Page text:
This drumming booth is decked out with all sorts of Raspberry Pi-powered paraphernalia. From a touchscreen interface controlling the lights to a multicamera recording setup.
Frank Delporte is a very handy dad to have if you’re planning to find YouTube fame as a drummer. He has almost thirty years of experience in video and multimedia, and also happens to be a software developer with a penchant for Raspberry Pi-powered projects.
Back in 2019, Frank completed a DIY drumming booth for his son, Vik. While it did the job of reducing the noise coming through to the living room, the next part of the process was to make it a million times cooler by throwing several Raspberry Pis at it.
A seven-inch touchscreen inside the drumming booth allows Vik to change the colour and speed of the booth’s LED strips. A Raspberry Pi 3B+ works together with an Arduino Uno that powers switches that trigger the lights.
Alongside the in-booth control running on Java, there is also a web server Frank can use from inside the house so he can trigger the lights to signal that dinner is ready, or that they’ve heard that particular System of a Down beat enough times this evening. I’m not entirely sure what luminous language they’ve come up with to communicate through LEDs, but it seems to be working.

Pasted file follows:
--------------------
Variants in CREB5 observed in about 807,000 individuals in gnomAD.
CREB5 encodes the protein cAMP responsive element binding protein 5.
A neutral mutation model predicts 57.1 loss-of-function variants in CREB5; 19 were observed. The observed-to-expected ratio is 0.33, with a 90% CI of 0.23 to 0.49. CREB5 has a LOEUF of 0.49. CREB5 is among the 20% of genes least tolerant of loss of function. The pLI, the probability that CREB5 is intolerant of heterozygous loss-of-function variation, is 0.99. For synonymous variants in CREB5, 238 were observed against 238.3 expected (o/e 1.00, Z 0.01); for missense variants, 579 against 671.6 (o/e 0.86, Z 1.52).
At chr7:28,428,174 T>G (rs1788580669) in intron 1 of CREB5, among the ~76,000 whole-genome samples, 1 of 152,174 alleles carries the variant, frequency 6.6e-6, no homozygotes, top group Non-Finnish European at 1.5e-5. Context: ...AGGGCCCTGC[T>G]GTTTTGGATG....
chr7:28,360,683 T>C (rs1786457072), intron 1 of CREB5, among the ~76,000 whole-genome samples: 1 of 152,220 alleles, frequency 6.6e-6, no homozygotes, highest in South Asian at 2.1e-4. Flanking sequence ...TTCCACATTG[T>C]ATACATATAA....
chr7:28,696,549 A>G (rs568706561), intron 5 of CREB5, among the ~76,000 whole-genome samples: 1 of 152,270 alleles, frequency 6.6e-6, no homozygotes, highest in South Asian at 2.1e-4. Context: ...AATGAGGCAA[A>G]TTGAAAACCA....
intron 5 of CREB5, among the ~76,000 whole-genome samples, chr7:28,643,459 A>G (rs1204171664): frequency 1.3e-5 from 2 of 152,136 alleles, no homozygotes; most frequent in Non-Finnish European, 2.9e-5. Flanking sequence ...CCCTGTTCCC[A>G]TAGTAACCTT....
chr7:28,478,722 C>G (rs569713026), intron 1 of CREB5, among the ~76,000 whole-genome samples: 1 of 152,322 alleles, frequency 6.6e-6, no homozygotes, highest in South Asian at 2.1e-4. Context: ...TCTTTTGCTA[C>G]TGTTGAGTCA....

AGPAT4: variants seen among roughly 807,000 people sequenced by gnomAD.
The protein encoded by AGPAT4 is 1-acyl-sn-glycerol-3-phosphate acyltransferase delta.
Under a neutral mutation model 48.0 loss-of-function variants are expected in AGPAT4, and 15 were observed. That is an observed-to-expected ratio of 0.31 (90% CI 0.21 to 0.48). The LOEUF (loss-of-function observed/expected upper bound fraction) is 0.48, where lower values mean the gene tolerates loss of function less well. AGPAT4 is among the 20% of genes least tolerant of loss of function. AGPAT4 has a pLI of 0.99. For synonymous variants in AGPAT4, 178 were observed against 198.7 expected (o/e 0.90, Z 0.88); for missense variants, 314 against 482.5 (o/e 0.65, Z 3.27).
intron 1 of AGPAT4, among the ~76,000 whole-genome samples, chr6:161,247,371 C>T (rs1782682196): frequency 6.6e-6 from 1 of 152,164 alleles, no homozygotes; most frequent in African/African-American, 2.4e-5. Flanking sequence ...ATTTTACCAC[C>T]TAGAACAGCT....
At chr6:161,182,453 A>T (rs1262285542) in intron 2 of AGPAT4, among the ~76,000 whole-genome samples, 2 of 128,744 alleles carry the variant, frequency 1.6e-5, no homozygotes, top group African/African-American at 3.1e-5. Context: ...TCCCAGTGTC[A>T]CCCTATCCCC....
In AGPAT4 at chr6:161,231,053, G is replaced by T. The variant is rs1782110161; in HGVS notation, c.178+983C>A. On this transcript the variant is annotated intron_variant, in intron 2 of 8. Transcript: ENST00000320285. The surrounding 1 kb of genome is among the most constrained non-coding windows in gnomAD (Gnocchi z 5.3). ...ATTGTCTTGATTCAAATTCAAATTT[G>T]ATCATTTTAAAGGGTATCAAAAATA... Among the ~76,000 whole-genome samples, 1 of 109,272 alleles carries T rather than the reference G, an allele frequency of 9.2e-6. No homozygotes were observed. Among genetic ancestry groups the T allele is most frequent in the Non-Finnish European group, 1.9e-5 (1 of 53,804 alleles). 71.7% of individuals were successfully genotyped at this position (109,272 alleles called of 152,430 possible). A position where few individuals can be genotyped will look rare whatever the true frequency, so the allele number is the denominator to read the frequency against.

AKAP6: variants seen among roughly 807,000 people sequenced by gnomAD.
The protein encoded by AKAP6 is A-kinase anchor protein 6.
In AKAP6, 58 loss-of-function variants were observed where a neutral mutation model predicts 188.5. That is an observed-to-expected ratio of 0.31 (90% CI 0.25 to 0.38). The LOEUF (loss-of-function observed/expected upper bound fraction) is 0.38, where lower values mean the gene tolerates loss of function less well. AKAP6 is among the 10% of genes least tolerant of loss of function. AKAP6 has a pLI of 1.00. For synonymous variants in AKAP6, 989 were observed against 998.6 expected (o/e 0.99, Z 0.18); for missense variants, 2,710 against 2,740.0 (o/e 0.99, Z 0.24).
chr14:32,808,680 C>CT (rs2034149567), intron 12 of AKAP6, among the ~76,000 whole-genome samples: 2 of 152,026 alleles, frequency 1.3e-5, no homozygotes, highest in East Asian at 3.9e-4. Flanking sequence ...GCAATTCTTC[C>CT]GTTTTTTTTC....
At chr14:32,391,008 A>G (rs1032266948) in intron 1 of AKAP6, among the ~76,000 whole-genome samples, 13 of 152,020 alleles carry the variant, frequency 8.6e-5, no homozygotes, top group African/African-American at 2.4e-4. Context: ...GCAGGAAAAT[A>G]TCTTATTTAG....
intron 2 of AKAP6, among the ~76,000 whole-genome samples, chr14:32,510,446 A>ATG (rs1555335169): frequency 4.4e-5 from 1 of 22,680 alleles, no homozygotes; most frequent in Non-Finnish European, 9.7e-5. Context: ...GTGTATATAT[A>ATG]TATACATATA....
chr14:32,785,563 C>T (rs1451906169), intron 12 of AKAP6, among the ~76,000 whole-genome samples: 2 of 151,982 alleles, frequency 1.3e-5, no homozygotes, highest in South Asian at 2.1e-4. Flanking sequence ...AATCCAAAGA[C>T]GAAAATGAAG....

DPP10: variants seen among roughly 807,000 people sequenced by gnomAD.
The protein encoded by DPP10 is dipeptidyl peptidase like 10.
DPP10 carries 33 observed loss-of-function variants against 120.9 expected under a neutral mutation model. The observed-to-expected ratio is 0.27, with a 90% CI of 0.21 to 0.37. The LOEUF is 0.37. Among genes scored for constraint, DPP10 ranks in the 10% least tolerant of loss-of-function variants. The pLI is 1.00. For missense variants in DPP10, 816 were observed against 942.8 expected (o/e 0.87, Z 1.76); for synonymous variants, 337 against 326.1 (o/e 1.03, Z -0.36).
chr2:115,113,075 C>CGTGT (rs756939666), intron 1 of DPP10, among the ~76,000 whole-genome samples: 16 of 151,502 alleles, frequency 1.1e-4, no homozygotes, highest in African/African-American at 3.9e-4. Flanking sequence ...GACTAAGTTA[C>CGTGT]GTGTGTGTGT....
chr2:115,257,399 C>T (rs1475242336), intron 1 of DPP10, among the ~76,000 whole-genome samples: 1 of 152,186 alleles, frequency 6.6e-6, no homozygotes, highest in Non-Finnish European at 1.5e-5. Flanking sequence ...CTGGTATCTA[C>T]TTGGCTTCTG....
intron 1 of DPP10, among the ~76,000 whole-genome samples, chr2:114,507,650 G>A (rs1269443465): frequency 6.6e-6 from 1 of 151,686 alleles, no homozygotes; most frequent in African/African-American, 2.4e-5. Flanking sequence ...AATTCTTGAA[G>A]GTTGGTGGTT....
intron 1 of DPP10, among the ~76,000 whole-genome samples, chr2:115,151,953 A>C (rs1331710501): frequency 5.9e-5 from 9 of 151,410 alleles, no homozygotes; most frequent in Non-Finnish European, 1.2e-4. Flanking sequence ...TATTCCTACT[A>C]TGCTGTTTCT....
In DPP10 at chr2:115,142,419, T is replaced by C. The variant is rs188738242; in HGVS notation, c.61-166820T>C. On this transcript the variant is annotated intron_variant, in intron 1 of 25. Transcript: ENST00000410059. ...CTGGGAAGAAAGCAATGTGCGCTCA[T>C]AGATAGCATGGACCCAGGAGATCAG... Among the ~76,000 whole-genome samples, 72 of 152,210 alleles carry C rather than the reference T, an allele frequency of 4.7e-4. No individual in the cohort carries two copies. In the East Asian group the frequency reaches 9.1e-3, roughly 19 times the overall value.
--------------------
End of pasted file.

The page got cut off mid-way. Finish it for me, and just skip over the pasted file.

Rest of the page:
Frank has shared all the source code, wiring schemes, and setup details for the controllable light show on his website.
The next step on the path to creating a most excellent drumming booth was installing multiple cameras to record Vik’s drum performances. Frank’s Raspberry Pi-powered set up captures Vik from three different angles while he’s playing and records it in a format ready to edit and upload to YouTube.
The current [experimental] set up comprises:
- Two Raspberry Pi Zero 2 W, each powering a High Quality Camera Module
- A Raspberry Pi 4 powering a Waveshare fisheye lens camera
- ATEM Mini switcher records to USB disc
- Yamaha EAD10 (the drum set’s microphone)
All three Raspberry Pis are connected to the ATEM Mini via HDMI. Each one feeds the video footage captured by the cameras they power. Audio from the Yamaha EAD10 is captured separately.
At the moment, they use DaVinci Resolve software to combine and edit all the multimedia elements for broadcast. Frank is currently working on an automated solution that will feed the audio directly into the ATEM Mini. This will eliminate the software needed to combine separate video and audio feeds, and would allow Vik to livestream his performances.
Read more about this aspect of the drumming booth on Frank’s website.
Let’s make KazachKingMusic YouTube famous
Vik’s YouTube channel has a handful of drumming performances up already and there’s plenty more to come now that the booth is nearing completion. My personal fave is the performance of Queen’s “Radio Ga Ga” (I don’t know any of the other songs because I have been listening exclusively to BBC Radio 2 since 2007).
Be kind and subscribe, even if only to keep an eye on the next Pi-powered installation Vik’s dad finds space for inside the booth.